I love using the oven drying process when making homemade potpourri. The flowers have a crispness that looks romantic, and you won’t fret as much when petal pieces break off in the bowl. It just adds to the charm!
See the last photo in this post for a comparison of oven-drying results to other methods.
3. Pressing Flowers to Dry
If you want to have completely flattened flowers, then flower pressing is for you! In my complete guide to flower pressing, I cover these 4 different ways to press flowers:
- Pressing flowers in a book
- Wooden flower press
- Microwave flower press
- Pressing flowers with an iron
The supplies needed will vary for each method, so I’ll leave you to check out the related post for all the details.
Best methods of pressing flowers
Generally, the same rules apply in terms of picking the freshest, unblemished flowers to begin. Larger flowers with spherical shapes (e.g., roses, peonies) don’t lend themselves well to pressing, but you can always separate the petals to press.
There are trade-offs in time and quality for each method of flower pressing. Overall, my favorite method is using the microwave for the speed and ease of creating DIY pressed flower art.
However, the good, old-fashioned book press creates gorgeous paper-thin petals and does a great job of maintaining color. If you have a heavy book and 2-4 weeks to spare, it’s a great summer project for the kids!
When to use pressed flowers
You’ll want nice flattened flowers if you’re planning to make shallow resin crafts like a tray or coaster. Pressed flowers also come in handy to create beautiful wall art using a simple picture frame. I’m planning to decorate candles, mason jars, bookmarks, and mobile phone cases with my pressed beauties.
4. Using Silica Gel to Dry Flowers
- Silica gel beads (not silica sand)
- Plastic container with tight-fitting lid
- Gloves/mask (optional but recommended)
Silica gel is a desiccant product that wicks moisture away from flowers. I have a complete guide on drying flowers with silica gel with a step-by-step tutorial on using this product if you go this route.
The basic technique involves pouring a layer of the fine crystals (about 1.5 inches) into your plastic container, placing your flowers on top, and layering more of the crystals around the petals.
Once you seal your container closed, you’ll need to wait 2-7 days for the flowers to dry completely. (The length of time will depend on the thickness of your blooms.) After you remove the flowers, you can use a soft brush to dust the excess crystals off your dried flowers.
This method works well with nearly any type of flower, though very delicate blossoms may give you fits, just like with any other method.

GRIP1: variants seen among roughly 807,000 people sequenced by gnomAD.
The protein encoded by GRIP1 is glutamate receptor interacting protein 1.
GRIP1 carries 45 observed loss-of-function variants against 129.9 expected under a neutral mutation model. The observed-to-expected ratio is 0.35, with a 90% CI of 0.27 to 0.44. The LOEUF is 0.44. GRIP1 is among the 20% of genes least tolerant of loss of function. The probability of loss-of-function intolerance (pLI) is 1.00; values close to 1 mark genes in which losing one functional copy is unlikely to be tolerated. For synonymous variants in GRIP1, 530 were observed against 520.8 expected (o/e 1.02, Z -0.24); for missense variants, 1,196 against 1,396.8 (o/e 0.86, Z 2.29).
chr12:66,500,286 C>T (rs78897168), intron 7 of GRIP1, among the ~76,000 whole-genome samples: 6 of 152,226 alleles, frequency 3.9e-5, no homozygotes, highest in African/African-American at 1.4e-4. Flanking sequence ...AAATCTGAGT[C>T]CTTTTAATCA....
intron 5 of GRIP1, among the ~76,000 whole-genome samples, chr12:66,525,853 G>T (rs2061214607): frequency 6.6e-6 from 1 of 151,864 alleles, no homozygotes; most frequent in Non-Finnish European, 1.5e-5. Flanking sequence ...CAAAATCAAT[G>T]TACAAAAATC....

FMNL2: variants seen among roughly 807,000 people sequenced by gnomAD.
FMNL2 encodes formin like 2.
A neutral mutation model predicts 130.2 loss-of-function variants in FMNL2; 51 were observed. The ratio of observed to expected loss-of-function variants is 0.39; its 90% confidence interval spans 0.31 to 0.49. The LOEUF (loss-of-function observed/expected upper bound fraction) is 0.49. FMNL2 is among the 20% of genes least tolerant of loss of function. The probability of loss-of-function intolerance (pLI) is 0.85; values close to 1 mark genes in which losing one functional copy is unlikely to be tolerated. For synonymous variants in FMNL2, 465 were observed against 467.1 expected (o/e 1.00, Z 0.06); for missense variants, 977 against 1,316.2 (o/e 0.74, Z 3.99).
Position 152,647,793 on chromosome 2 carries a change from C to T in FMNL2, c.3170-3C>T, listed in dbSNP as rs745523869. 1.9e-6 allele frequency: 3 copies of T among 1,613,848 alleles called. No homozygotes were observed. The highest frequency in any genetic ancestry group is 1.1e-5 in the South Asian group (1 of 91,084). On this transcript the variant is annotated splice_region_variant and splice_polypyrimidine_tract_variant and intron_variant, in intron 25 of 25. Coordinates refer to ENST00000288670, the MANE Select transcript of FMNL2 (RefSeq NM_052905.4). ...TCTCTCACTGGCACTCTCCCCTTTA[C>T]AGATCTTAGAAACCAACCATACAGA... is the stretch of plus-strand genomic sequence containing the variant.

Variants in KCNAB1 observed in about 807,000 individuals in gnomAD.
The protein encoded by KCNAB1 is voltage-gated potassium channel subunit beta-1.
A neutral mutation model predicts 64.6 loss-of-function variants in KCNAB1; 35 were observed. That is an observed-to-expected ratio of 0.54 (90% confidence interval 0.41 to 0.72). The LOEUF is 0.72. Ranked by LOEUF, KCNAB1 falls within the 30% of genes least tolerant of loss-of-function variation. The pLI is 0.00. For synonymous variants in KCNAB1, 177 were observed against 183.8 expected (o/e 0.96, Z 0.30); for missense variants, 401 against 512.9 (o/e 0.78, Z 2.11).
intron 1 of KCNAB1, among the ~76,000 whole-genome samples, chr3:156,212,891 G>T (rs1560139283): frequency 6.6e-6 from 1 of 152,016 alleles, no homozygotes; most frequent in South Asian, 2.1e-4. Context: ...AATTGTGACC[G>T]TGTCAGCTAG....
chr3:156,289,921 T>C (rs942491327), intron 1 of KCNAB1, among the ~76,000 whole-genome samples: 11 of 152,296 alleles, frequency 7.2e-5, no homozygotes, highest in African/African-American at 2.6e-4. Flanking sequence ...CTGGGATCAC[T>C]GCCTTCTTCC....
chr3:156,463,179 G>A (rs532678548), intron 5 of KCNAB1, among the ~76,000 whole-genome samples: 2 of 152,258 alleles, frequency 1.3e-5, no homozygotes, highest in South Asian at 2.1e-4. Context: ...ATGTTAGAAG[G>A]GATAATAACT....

When to use silica gel
This is perhaps the most popular way to preserve wedding bouquets. It’s the perfect method for creating shadow box displays, three-dimensional resin crafts, and jewelry because you’ll get the best color retention and the softest texture.
While you can remove the stem and reattach it to the flower with wire after drying, this technique is more often used just to preserve the blossom.
5. Drying Flowers in the Microwave
If you want to use a microwave to dry flowers, you can buy a microwave flower press (for flat flowers) or use silica gel in a microwave-safe dish. Assuming you want to preserve the shape and body of the flowers, I’ll cover the latter option.
- Silica gel
- Microwave-safe dish
- Cup of water
Once again, you’ll create a blanket of silica gel in your container and spread out your flowers before placing more gel on top.
Unlike the conventional method, you will not cover the container but instead, place a glass of water in the microwave with it. Follow the microwaving directions based on the flowers you’ve chosen (typically 1-3 minutes total in 1-minute increments).
Of course, like most time-saving techniques, you’ll face a slight loss in color retention versus the conventional method.
Here’s a look at how the last three methods compare. You can pin it on Pinterest for reference later.
When to use a microwave to dry flowers
Using silica gel in the microwave makes sense when you want nearly the maximum color retention but just can’t spare the time. For something like eco-friendly wedding confetti, it’s the perfect solution!
Project Ideas for Dried Flowers
If you’re here learning about ways to dry flowers, you probably have a project in mind already. Here are a few other dried flower crafts to spark your imagination:
- DIY wreath
- Floral swag
- Flower crown
- Pressed flower table numbers
- Resin crafts (paperweights, coasters, phone case)
- Wall art or shadow box
- Gift tags
Let me know in the comments what you plan to do with yours and tag me on Instagram (@firstdayofhome) to share your creations!